City Year: What I Learned

Wednesday, September 10, 2014

I graduated from City Year two months ago, but I still haven't taken too much time to reflect on it. Approximately 99% of the people I talk to have no idea what City Year is.  Most people know what Americorps is, which gets us somewhere when I explain City Year, but confusion is still present in most of my conversations, which is understandable.
"City what?" (I feel like I always have to yell the name.)
"Why do you wear that jacket? Why do you wear a uniform?"
"oh, like Teach for America? My friend did TFA."
"I thought you do Americorps after you graduate college?"
"Do you teach?"
Those are the kind of comments I hear all the time. I'm not going to specifically answer those in this post, but if you would like to know what City Year is, check out their website here or go to my sidebar and click the label City Year. You'll find lots of past posts from over the course of this year.

Coming into this year-
I'm a fan of challenges and hard work, but I also like to see fruit at the end, but there honestly wasn't a ton of that, or at least the kind of "fruit" I expected. Pretty much all the views I had at the beginning of the year about education were shifted because of this experience. I saw first-hand how poisonous public education can be and I realized how complicated it is to bring change and reform. For the record, it's very complicated to bring reform. I definitely didn't realize that coming into it.  

Teamwork is hard work
Going into this year, I thought the team aspect of City Year would be the easiest... nope. I mean I've played on sports teams, I've gone on many team mission trips, I felt like I knew what to expect being on a team. City Year BOASTS about the fact they create the most diverse teams possible, and that's what they did. Yes, for a good portion of the day I worked exclusively with my 6th grade class and I didn't have to directly work with my team, but we ran an after school program together and that required us to be a well-oiled machine. A tight-knit one, too. Communication needed to be excellent, energy-levels needed to be high, and flexibility wasn't an option. More times than not those components were missing, and after school was a struggle. We still pushed through, but there were many disagreements, misunderstandings, and minor problems that would arise during the after school space. There's no doubt that I enjoyed my team. We were friends and we hung out together outside of work. However, just because you're friends with people, doesn't mean you work well with someone. I think we all know this. This year I learned it. And yet, if we didn't have problems as a team I would probably be concerned that the work we were doing was too easy. Conflict, to a degree, is natural and should be worked through.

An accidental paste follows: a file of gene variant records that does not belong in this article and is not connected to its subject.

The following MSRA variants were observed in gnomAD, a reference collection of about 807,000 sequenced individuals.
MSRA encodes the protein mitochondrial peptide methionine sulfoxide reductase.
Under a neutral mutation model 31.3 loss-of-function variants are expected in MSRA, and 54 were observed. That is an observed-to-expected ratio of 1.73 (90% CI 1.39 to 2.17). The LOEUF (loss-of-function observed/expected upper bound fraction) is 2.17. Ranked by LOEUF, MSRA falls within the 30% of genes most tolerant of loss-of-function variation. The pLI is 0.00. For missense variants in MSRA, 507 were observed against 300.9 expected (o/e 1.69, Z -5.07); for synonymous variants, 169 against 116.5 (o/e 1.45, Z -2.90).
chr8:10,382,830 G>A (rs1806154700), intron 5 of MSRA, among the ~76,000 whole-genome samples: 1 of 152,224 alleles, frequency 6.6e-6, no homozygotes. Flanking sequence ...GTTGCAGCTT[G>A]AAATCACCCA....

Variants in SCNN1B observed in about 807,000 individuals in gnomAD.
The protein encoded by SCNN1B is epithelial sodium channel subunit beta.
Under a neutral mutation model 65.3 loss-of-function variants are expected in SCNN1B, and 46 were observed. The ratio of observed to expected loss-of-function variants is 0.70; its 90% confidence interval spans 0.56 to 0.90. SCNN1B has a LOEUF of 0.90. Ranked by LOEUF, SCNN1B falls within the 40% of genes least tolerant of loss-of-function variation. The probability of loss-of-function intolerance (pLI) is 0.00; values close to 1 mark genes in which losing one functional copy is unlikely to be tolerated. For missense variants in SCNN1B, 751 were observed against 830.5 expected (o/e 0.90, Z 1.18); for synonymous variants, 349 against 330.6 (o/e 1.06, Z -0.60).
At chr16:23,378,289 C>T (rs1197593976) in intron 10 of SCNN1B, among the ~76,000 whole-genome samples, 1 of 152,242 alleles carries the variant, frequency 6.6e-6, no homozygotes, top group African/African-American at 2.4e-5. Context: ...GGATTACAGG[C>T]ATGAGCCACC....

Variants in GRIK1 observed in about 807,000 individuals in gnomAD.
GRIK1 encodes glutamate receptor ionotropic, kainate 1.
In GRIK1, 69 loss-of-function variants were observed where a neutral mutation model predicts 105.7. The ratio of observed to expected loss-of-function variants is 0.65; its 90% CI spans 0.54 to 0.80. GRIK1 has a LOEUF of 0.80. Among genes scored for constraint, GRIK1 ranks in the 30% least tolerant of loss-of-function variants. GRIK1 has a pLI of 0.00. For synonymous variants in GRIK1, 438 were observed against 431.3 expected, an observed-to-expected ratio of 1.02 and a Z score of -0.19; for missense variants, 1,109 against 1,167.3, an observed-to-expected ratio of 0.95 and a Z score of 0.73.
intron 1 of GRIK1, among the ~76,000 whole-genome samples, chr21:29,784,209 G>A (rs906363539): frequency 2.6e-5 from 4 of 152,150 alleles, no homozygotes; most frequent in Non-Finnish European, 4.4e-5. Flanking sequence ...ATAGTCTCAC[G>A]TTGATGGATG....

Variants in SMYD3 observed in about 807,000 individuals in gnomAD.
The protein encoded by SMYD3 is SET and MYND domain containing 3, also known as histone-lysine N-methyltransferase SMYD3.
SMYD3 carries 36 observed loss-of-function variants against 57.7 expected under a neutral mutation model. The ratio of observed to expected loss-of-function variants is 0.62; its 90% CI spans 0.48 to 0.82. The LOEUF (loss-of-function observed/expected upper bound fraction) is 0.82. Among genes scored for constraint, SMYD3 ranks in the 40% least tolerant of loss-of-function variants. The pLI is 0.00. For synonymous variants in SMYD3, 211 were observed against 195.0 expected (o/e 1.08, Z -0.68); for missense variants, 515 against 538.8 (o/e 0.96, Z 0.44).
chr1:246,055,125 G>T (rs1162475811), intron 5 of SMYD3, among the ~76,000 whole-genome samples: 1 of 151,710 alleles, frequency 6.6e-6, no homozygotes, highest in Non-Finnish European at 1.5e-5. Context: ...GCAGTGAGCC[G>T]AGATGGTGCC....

Below is a picture of my City Year team at the beginning of they year and then at the end of the year. If it looks like there are fewer people in the second picture, there is. There was a lot of "refining" that happened. 

Students aren't predictable!
I wasn't quite sure how to phrase this. I was thinking about saying, students will mess with your emotions, or students can make you laugh, cry, and smack the table all at the same time. Students aren't predictable definitely sums up what I'm trying to get across.